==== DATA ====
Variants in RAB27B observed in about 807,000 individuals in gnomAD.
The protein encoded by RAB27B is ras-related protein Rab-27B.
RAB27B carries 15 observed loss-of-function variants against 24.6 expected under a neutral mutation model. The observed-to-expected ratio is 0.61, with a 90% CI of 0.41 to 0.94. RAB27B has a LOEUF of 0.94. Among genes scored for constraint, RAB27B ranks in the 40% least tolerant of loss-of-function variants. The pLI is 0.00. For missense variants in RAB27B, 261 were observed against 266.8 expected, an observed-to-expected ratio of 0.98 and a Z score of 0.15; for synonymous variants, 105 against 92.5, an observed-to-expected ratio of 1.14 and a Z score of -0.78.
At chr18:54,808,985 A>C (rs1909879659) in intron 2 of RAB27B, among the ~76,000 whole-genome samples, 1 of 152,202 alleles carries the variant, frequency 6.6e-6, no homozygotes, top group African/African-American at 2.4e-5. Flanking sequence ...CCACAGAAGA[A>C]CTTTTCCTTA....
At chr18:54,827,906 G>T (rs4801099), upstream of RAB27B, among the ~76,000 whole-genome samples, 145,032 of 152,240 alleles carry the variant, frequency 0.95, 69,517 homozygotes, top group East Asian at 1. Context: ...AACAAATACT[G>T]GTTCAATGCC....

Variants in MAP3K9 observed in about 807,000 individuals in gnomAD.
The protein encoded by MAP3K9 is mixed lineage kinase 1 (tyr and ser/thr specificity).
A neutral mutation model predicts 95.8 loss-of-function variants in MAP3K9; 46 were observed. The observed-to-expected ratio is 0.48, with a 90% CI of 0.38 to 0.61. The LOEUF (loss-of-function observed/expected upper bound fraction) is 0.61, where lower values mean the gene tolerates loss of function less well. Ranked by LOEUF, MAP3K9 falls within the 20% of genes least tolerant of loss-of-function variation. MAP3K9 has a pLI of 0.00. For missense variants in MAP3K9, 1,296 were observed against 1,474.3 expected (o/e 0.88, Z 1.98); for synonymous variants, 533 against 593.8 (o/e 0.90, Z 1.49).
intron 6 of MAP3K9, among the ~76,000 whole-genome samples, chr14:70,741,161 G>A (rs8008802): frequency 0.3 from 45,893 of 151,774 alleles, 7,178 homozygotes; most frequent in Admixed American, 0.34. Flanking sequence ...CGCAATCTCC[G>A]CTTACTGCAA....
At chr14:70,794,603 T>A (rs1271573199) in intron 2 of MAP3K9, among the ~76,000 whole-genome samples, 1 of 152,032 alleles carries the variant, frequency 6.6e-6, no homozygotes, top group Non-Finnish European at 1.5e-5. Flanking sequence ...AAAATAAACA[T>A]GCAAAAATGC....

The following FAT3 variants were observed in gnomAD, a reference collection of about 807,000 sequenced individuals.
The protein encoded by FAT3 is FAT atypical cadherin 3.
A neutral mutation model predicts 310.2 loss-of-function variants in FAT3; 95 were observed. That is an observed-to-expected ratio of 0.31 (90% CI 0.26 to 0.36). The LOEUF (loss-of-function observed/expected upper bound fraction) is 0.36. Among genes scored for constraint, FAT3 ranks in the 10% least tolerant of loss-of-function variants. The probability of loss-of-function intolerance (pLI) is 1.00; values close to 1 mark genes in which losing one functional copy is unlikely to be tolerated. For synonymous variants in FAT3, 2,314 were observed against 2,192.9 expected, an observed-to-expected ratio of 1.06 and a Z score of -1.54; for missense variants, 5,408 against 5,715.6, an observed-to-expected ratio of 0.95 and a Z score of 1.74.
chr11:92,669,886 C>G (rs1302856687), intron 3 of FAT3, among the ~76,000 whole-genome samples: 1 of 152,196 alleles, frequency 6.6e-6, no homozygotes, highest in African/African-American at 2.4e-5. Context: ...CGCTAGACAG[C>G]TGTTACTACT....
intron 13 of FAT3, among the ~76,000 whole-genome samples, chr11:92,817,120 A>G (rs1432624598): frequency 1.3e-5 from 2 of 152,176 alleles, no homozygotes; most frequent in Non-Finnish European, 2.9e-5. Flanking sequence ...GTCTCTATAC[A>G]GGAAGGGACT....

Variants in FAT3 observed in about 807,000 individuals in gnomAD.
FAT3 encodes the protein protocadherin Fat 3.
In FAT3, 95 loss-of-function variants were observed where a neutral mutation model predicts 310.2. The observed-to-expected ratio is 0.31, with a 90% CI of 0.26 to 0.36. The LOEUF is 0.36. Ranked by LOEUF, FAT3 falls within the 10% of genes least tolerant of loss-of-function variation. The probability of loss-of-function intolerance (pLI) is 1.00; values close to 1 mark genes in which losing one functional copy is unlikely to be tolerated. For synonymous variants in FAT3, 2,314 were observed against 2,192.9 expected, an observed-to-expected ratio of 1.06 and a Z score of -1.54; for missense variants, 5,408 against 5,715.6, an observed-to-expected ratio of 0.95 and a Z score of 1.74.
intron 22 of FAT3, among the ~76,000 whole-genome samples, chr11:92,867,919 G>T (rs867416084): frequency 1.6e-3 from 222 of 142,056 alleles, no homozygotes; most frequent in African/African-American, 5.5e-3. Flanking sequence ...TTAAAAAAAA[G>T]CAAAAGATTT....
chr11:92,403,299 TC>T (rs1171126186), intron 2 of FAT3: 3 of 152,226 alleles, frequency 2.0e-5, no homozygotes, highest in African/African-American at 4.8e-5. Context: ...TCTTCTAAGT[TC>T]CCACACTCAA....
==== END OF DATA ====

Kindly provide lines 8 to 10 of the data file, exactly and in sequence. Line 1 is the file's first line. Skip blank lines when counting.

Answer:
A neutral mutation model predicts 95.8 loss-of-function variants in MAP3K9; 46 were observed. The observed-to-expected ratio is 0.48, with a 90% CI of 0.38 to 0.61. The LOEUF (loss-of-function observed/expected upper bound fraction) is 0.61, where lower values mean the gene tolerates loss of function less well. Ranked by LOEUF, MAP3K9 falls within the 20% of genes least tolerant of loss-of-function variation. MAP3K9 has a pLI of 0.00. For missense variants in MAP3K9, 1,296 were observed against 1,474.3 expected (o/e 0.88, Z 1.98); for synonymous variants, 533 against 593.8 (o/e 0.90, Z 1.49).
intron 6 of MAP3K9, among the ~76,000 whole-genome samples, chr14:70,741,161 G>A (rs8008802): frequency 0.3 from 45,893 of 151,774 alleles, 7,178 homozygotes; most frequent in Admixed American, 0.34. Flanking sequence ...CGCAATCTCC[G>A]CTTACTGCAA....
At chr14:70,794,603 T>A (rs1271573199) in intron 2 of MAP3K9, among the ~76,000 whole-genome samples, 1 of 152,032 alleles carries the variant, frequency 6.6e-6, no homozygotes, top group Non-Finnish European at 1.5e-5. Flanking sequence ...AAAATAAACA[T>A]GCAAAAATGC....